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Poetry Canadian

Bewilderness

by (author) Catherine Black

Publisher
Guernica Editions
Initial publish date
Sep 2019
Category
Canadian, Places
  • Paperback / softback

    ISBN
    9781771833998
    Publish Date
    Sep 2019
    List Price
    $20.00

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Description

Bewilderness explores urban and suburban wildernesses--threshold places--in a darkly comedic, surreal set of prose poems. In Bewilderness, urban and suburban landscapes come to life as shape-shifting places, enchanted places, mundane places of magical thinking, as the reader explores the heterotopias of playgrounds and backyards, lakefront parks, splintery subdivisions, and semi-industrial wastelands. Creatures that inhabit these edged-out corners of land take on the features and neuroses of their human co-habitants in poems that are direct, declarative missives with offbeat instructions for navigating and inhabiting these liminal worlds.

About the author

Catherine Black is Associate Professor and Chair of the Creative Writing BFA program at OCAD University. Catherine’s first collection of prose poetry Lessons of Chaos and Disaster was the second book in Guernica Edition’s “First Poets Series,” and her lyric nonfiction novella A Hard Gold Thread (Guernica, 2011) was nominated for the ReLit award. Her third book, Bewilderness, was nominated for the Pat Lowther Memorial Award. Broadly speaking, Catherine’s areas of interest and expertise in creative writing include experimentations in prose poetry and other hybrid forms such as the lyric essay and longer experimental fiction. Thematically, her work interrogates the reliability of memory, the intersections of imagination and reality, as well as issues of motherhood, ‘madness,’ and the dissociative aspects of grief and trauma. Catherine has recently begun to explore ways in which her writing might span media, through guerrilla poetry projects and the creation of literary objects.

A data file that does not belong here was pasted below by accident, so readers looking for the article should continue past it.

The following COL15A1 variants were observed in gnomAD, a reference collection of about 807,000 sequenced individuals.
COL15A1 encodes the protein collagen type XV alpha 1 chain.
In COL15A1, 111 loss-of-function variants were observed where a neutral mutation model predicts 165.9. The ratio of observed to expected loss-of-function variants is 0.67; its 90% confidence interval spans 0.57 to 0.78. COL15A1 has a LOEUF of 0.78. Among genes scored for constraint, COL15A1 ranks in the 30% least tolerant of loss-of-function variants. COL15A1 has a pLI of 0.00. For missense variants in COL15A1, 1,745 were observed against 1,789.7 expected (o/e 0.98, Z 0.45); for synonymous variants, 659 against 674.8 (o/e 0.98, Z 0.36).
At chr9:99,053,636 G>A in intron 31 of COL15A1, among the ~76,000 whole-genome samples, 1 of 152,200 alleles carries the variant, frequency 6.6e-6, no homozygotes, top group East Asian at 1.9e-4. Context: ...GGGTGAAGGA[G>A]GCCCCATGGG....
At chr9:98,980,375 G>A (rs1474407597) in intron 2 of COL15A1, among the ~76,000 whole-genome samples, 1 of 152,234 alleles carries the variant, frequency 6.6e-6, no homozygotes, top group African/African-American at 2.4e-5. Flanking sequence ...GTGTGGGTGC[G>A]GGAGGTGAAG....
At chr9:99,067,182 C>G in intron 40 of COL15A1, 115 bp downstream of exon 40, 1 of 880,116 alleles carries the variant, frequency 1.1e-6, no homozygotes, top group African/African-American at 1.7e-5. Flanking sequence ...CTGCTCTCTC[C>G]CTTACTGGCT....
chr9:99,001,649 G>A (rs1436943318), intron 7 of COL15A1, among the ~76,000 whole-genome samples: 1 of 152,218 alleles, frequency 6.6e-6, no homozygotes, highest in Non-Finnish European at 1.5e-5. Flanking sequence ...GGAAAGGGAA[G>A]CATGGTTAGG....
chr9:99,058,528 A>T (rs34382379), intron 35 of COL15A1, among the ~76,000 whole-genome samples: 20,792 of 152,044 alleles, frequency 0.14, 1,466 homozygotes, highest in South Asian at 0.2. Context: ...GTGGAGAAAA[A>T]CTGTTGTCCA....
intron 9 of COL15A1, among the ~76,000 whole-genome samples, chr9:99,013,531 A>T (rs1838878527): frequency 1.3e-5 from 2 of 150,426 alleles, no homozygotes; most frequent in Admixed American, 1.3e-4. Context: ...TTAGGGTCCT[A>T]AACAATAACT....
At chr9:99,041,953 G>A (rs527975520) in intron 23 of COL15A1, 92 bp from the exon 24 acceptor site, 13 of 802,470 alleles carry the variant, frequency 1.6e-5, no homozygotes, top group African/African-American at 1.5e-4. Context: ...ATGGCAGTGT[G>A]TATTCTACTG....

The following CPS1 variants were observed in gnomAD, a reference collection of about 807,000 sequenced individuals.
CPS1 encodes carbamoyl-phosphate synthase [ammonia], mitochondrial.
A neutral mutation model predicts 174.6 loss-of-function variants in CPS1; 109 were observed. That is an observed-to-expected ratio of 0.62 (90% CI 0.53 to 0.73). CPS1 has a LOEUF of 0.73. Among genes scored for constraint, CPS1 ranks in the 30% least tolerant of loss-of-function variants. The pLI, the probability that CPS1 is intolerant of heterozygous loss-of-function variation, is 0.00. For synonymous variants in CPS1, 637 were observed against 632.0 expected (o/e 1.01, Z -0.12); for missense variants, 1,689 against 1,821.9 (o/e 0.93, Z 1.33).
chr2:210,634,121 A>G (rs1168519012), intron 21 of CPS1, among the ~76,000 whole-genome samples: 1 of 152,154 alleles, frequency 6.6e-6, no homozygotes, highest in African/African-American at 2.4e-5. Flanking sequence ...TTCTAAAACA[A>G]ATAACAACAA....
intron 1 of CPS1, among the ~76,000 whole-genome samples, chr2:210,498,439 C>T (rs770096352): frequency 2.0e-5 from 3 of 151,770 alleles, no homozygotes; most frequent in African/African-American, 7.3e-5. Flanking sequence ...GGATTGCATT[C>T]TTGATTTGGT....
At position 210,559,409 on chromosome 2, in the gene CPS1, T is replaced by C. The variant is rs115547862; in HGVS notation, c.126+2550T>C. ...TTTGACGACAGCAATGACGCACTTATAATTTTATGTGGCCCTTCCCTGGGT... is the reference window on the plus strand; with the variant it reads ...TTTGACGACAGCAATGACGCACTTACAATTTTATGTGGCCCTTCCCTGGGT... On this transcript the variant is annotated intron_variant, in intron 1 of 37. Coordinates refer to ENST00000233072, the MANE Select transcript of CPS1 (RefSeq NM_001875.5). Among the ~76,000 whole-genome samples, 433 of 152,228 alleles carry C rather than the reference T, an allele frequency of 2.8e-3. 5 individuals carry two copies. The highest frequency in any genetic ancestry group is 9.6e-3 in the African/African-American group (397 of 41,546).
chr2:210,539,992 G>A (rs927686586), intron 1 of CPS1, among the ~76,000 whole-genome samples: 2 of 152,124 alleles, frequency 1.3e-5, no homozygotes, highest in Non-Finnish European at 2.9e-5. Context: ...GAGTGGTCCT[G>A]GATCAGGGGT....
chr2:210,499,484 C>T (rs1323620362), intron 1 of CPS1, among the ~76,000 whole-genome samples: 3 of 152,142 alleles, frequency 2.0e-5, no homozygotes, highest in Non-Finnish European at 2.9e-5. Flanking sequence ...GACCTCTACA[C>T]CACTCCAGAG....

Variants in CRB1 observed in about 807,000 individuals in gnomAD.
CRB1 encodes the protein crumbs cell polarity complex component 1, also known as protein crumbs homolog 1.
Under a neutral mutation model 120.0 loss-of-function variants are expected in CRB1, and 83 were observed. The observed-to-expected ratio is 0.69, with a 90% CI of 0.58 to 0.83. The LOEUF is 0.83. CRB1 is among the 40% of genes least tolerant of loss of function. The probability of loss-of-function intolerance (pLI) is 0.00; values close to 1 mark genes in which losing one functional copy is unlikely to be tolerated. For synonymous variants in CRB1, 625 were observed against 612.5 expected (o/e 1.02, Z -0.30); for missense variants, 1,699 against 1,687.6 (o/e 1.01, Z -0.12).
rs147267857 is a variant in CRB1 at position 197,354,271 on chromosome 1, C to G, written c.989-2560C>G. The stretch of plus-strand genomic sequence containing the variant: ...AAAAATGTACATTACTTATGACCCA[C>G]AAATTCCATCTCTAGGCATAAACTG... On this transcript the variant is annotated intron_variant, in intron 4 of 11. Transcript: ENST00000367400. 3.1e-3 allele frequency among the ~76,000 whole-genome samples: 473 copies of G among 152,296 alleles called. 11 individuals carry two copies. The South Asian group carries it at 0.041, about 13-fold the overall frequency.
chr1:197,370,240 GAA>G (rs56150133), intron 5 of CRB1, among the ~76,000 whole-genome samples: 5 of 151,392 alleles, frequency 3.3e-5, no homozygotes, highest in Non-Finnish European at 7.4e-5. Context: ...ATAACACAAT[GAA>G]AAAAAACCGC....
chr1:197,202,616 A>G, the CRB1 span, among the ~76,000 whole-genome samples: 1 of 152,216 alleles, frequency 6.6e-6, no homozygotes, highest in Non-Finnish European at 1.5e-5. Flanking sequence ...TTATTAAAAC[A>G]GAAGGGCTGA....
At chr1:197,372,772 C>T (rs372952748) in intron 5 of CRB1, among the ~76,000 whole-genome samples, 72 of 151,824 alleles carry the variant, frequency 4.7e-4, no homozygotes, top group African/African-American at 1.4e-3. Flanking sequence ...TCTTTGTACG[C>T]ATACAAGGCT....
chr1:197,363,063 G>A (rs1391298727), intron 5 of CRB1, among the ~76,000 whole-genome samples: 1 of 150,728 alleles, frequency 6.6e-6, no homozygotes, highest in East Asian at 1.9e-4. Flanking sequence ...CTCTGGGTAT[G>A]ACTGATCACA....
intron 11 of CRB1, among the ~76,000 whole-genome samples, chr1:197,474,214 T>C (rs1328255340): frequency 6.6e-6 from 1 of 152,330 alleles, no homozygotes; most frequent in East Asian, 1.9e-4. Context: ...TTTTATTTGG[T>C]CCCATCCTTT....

Catherine Black's profile page

Awards

  • Long-listed, Pat Lowther Memorial Award

Editorial Reviews

Black’s poems read like an I spy: a crush of beloved items, textures, ideas. People are described by the objects in their houses, by the things they gather and guard. It feels like pastiche, like a dream, like watching an enterprising songbird build a nest out of foraged scraps and garbage, out of “glass and ash, nests of cigarette butts and pigeon down” (“A Home from Nothing”). Black writes: “I know the panic of assembling a home from nothing.” These poems seem to whisper: even nothing can be made into everything you need.

Dessa Bayrock

From the natural world to the liminal space between dream and hard reality, Catherine Black reveals the strange and beautiful in these leaping image prose poems. I was uplifted by this collection: it is both shelter and nourishment. —Carolyn Smart, author of Careen. In Bewilderness, each item in the notebook of everything is connected by an invisible thread to each other thing. Catherine Black weaves her poems with these threads, connecting the luminosity, resonance and being of the everyday, its complex web of perceptions and emotions with evocative sensory and conceptual allure. We are ''bewildered'' in that everything, even the familiar, is newly discovered, wild to possibility, observation and poetry. As this book reads our world, we read this book: with eyes wild open.

author of Yiddish for Pirates

From the natural world to the liminal space between dream and hard reality, Catherine Black reveals the strange and beautiful in these leaping image prose poems. I was uplifted by this collection: it is both shelter and nourishment.

author of Careen

Black encourages readers to open their eyes wider and have another look at the world around them the way nineteenth-century pastoral poetry sought to slow down time and emphasize the details that might get overlooked in the fast pace of modern life. Bewilderness updates this mandate for the twenty-first century as Black turns her gaze to the city, which has become a landscape in a category all its own.

Anomaly

Black tends to write in direct, declarative sentences, but she achieves an incantatory urgency through repetition and a build-up of expressive images.

Barbara Carey

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